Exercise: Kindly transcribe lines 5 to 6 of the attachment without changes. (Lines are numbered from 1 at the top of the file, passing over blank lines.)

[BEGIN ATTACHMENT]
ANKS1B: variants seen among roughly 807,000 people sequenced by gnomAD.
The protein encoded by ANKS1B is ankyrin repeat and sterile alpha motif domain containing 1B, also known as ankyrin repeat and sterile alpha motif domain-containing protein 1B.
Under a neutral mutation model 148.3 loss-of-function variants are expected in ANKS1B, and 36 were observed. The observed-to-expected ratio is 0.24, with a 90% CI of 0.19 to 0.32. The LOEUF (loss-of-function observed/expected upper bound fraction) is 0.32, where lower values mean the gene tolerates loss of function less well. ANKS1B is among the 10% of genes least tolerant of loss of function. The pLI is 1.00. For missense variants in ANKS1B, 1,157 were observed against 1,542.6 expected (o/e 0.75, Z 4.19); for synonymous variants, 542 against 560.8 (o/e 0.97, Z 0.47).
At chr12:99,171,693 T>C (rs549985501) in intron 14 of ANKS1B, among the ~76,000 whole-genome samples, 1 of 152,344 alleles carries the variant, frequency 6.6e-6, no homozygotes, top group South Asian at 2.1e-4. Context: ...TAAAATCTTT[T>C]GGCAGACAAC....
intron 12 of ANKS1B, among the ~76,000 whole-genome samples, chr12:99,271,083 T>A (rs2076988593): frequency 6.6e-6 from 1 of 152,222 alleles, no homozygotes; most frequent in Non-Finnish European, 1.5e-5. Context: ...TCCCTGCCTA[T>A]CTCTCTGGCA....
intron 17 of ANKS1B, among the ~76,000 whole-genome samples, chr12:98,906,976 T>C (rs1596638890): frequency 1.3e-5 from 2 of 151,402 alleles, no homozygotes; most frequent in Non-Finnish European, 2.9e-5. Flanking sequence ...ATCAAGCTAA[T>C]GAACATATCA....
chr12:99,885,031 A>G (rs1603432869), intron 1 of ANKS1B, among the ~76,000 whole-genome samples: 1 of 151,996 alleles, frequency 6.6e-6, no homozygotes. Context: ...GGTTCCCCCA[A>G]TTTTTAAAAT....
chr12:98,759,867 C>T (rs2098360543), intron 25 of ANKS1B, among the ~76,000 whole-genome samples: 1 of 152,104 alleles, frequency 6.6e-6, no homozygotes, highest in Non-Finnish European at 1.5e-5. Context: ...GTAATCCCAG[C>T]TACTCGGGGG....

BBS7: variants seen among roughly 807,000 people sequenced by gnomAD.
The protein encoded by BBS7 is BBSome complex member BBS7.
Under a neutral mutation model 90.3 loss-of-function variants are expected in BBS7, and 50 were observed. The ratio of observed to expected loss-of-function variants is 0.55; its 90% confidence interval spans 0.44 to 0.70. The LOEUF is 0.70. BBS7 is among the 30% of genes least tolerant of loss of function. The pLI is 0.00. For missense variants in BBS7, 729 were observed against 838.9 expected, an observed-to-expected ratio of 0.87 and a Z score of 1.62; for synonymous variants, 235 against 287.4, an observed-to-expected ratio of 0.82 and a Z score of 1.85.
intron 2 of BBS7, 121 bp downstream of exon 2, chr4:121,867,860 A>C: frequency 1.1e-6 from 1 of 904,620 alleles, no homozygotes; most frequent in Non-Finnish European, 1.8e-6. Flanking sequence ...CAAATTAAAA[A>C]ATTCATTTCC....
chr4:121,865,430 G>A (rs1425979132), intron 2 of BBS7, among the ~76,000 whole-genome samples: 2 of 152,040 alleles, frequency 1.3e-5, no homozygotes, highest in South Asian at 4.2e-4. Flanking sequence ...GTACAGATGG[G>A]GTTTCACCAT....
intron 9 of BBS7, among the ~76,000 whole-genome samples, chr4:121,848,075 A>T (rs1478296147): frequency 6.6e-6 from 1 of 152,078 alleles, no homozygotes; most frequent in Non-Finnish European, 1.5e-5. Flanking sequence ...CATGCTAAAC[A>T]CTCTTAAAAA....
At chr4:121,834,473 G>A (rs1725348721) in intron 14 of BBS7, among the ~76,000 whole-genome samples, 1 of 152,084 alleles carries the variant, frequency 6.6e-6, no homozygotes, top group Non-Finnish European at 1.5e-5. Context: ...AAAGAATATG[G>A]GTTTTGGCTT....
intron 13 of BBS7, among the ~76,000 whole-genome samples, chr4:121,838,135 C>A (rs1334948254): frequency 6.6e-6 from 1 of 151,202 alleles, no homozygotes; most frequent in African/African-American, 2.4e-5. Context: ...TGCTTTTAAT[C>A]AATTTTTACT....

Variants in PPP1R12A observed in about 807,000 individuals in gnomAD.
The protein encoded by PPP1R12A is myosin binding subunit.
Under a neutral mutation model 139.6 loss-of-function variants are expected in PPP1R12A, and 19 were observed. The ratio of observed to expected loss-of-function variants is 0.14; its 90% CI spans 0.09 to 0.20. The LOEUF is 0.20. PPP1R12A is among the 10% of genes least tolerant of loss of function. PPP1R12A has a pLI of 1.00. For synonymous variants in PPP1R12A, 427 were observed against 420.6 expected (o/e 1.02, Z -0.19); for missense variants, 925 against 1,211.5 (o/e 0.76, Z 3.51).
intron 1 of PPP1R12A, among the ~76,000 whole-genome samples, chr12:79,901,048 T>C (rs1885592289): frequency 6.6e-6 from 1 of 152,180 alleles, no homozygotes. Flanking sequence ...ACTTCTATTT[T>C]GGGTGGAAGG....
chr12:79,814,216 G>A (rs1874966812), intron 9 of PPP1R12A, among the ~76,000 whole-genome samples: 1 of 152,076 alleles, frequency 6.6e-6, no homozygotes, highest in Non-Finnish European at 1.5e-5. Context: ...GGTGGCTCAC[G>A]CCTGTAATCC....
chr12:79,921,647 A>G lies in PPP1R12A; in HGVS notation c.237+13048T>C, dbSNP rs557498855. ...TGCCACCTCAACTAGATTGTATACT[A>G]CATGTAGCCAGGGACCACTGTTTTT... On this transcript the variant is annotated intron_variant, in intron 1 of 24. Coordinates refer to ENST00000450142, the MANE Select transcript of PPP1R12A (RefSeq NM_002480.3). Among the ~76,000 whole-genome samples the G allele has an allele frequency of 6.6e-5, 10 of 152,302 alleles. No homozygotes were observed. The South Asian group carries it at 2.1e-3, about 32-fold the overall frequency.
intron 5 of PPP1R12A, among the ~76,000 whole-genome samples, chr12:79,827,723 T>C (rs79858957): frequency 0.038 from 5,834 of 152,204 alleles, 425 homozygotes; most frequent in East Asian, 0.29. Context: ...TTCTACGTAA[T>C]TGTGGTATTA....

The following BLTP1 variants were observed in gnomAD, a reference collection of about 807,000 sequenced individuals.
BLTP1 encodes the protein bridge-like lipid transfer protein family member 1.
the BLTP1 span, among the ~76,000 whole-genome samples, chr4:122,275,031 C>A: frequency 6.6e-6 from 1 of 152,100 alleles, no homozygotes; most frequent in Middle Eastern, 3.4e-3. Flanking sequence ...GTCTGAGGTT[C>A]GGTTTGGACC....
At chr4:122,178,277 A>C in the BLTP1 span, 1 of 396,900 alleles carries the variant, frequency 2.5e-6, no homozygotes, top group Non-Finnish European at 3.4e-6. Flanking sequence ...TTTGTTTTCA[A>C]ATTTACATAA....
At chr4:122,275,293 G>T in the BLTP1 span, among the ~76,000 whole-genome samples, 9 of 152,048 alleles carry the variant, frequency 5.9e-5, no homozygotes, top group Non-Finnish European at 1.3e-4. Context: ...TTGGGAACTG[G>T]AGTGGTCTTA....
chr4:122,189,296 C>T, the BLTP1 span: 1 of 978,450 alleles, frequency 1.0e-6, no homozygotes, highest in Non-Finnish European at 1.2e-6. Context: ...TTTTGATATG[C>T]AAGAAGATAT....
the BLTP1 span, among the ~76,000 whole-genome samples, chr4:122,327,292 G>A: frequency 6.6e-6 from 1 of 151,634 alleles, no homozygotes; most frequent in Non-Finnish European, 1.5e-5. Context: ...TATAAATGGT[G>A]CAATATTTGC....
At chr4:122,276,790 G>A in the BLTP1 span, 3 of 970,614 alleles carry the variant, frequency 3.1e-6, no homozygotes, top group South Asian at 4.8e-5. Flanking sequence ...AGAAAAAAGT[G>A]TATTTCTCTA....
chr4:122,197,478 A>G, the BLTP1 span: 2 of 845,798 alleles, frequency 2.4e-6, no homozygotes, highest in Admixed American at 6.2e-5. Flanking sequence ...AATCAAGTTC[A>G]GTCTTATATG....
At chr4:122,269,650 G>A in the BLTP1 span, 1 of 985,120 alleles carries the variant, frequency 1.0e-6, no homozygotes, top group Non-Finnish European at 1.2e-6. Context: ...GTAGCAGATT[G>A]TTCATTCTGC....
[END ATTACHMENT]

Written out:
intron 12 of ANKS1B, among the ~76,000 whole-genome samples, chr12:99,271,083 T>A (rs2076988593): frequency 6.6e-6 from 1 of 152,222 alleles, no homozygotes; most frequent in Non-Finnish European, 1.5e-5. Context: ...TCCCTGCCTA[T>A]CTCTCTGGCA....
intron 17 of ANKS1B, among the ~76,000 whole-genome samples, chr12:98,906,976 T>C (rs1596638890): frequency 1.3e-5 from 2 of 151,402 alleles, no homozygotes; most frequent in Non-Finnish European, 2.9e-5. Flanking sequence ...ATCAAGCTAA[T>C]GAACATATCA....